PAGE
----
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'Railway Man' revisits war prisoner's horror and forgiveness

British actor Colin Firth attends the Champions League round of 16 first leg soccer match between Arsenal and Bayern Munich at the Emirates
British actor Colin Firth attends the Champions League round of 16 first leg soccer match between Arsenal and Bayern Munich at the Emirates

By Patricia Reaney

NEW YORK (Reuters) - Shortly before wrapping up filming for "The Railway Man," a World War Two drama about a former British Army officer and victim of torture, actor Colin Firth dreamt he was drawing a map of a railway but was bluffing and didn't know how to do it.

The English Oscar-winner saw the dream as a metaphor for the film, based on a true story and best-selling autobiography, and the responsibility he felt in portraying a man who had suffered in silence for decades before finding the power of forgiveness.

"I was supposed to know and I didn't know. And in the dream there were old men needing me to get it right, saying you've got to join it up. You've got to say where it goes," the actor said in an interview ahead of the film's U.S. release on Friday.

Firth, 53, plays Eric Lomax, a man with a passion for trains and railway timetables who meets his wife on a train decades after he had been tortured as a prisoner of war during the building of the Thailand-Burma Railway, or what became known as the "Death Railway."

The railway, built by the Empire of Japan in 1943 to support its attack on the British colony of Burma, used forced labor, including Asian civilians and Allied prisoners of war, many thousands of whom died of beatings, disease, starvation and exhaustion.

Like many men of his generation Lomax didn't talk about the war but relived his experiences in nightmares, until he was coaxed into confronting his demons and tormentor.

Firth won a best actor Oscar in 2011 for "The King's Speech," about King George VI's battle to overcome a speech impediment, and was no stranger to playing silent, brooding types.

But Lomax's harrowing story of the suffering of thousands of prisoners of war, the torture inflicted by their captors and their inner torment was different.

"It did reflect how it felt because nothing equivalent to this had ever happened to me," Firth said about the dream.

"Every so often you're called to interpret a story which is very, very precious and that was the case with this. It became personal," he added.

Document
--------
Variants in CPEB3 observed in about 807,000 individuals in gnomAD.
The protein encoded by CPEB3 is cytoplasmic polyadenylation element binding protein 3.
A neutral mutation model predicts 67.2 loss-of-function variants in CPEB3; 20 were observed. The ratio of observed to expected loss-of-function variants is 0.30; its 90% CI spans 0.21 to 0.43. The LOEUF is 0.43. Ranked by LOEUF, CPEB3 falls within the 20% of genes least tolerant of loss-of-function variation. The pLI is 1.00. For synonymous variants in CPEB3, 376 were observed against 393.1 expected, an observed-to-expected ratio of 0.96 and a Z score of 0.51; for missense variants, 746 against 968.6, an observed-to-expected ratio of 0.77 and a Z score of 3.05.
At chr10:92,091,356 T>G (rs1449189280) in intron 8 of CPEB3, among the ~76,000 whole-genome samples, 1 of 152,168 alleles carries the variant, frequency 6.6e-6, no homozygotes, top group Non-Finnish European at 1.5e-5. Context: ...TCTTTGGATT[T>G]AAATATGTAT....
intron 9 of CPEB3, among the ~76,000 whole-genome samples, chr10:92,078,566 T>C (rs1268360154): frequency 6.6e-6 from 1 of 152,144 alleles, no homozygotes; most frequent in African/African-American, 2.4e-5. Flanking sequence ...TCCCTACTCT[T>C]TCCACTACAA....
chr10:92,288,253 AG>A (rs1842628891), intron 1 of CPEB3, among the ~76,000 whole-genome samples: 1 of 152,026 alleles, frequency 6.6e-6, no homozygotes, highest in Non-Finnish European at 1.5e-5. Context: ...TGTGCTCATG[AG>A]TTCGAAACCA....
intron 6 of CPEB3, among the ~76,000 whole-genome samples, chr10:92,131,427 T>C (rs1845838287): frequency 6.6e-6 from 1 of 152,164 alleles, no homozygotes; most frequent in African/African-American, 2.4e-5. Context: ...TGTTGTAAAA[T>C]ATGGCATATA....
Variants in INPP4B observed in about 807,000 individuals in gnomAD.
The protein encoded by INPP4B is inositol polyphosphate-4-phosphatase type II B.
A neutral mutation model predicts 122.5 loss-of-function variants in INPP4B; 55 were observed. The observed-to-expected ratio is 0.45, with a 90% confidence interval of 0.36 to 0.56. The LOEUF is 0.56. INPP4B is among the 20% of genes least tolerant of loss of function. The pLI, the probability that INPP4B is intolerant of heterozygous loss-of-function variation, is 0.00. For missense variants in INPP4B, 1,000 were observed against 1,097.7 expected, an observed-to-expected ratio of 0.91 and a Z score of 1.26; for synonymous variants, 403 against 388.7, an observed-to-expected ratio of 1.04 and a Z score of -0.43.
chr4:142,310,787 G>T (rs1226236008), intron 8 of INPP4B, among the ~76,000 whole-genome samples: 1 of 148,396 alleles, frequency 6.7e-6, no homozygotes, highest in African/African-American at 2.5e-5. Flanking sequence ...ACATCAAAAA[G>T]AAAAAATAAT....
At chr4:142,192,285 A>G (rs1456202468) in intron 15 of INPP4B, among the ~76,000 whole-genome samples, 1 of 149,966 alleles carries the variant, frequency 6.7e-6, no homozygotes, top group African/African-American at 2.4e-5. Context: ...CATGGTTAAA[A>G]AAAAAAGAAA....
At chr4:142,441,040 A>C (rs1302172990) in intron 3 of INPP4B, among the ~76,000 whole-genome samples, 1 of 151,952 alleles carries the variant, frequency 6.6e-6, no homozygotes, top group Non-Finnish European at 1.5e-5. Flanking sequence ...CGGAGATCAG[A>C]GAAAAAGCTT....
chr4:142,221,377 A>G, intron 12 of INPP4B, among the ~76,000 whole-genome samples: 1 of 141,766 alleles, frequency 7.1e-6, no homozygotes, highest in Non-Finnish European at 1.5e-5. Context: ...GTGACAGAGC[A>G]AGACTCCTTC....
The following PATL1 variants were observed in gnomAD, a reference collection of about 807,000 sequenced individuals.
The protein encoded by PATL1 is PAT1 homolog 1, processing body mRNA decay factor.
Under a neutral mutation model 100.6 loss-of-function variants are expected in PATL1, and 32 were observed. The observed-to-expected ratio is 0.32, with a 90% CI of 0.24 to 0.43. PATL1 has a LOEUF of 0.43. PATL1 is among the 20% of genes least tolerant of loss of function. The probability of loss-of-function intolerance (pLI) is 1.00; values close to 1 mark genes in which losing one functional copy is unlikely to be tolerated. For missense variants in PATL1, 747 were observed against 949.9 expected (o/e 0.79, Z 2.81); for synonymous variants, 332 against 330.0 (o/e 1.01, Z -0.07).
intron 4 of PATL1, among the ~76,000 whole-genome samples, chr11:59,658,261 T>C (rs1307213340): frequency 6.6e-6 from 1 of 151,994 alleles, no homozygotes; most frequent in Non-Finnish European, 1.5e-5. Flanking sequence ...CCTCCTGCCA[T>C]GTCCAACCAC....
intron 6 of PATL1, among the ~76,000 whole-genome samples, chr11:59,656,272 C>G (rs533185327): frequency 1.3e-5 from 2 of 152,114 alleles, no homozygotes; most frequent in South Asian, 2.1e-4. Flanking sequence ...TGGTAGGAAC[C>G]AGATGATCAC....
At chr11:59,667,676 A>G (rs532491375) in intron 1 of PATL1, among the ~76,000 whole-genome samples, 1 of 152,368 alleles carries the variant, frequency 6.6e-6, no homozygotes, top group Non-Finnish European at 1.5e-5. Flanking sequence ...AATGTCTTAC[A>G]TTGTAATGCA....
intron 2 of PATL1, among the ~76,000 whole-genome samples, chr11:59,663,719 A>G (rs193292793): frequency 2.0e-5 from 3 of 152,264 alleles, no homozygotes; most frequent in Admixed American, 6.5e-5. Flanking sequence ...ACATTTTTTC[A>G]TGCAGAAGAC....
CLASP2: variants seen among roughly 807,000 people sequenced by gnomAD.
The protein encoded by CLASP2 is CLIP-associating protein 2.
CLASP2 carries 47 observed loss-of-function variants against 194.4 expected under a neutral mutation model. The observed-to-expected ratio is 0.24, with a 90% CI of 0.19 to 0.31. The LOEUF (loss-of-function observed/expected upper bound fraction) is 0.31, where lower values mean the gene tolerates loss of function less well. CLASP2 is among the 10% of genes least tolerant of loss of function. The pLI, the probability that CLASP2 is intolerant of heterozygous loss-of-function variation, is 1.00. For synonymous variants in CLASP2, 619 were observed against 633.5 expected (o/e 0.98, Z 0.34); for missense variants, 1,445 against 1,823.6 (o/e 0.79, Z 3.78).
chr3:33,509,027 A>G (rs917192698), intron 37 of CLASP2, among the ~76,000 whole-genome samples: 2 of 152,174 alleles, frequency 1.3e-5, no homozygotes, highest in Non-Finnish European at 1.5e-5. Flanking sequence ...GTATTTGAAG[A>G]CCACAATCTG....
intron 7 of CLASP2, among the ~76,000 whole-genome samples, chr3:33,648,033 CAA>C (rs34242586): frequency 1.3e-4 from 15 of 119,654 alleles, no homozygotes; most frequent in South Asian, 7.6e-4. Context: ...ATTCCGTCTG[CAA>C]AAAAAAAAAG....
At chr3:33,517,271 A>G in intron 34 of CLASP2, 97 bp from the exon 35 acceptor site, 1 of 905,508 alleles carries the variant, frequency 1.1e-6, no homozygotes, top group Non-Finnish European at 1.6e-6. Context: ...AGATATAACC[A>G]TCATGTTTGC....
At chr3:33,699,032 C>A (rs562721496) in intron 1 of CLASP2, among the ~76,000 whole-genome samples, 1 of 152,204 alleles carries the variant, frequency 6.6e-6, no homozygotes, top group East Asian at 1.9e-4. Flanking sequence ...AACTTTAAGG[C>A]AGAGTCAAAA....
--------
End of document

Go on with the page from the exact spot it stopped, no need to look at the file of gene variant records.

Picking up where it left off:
SILENT SUFFERING

Australian director Jonathan Teplitzky ("Burning Man" and "Better than Sex,") thought Firth was perfect for the part and that it was a role and a character the actor couldn't say no to.

Nicole Kidman, the 2003 best actress Oscar winner for "The Hours," plays his wife Patti Lomax, and Jeremy Irvine, who made his feature film debut in "War Horse," is the young Lomax, whose story is told in flashbacks.

Sweden's Stellan Skarsgaard ("The Girl with the Dragon Tattoo) plays Lomax's friend Finlay. Hiroyuki Sanada ("The Wolverine") rounds out the cast as the Japanese interpreter and tormentor Takashi Nagase, whom Lomax confronts decades later and amazingly forgives and befriends.

"It reminds us of what we are capable of as human beings, the very best and the very worst," said Teplitzky.

The film was shot in Australia, Thailand and Scotland, where Firth and Kidman met Lomax and his wife. Lomax died in 2012, at the age of 93, while the film was being edited.

Reading the book and meeting Lomax were invaluable for Firth because his role is so silent and the feelings are internalized.

"I had to inhabit imaginary memories," he said. "Being equipped with so little, it meant a lot to be equipped with that."

Firth was also surprised by the reaction to the film, which has already opened in Australia and Britain, and what it has unearthed. He said people have contacted him and Patti Lomax saying their father, grandfather or uncle had been there too during the war and hadn't spoken about it until now.

"Sometimes you are an instrument for a story that really needs to be told properly and I think Eric was conscious of the fact that it wasn't just his precious book, that he was actually speaking for all the guys that didn't speak out," Firth said.

(Editing by Mary Milliken and Eric Walsh)

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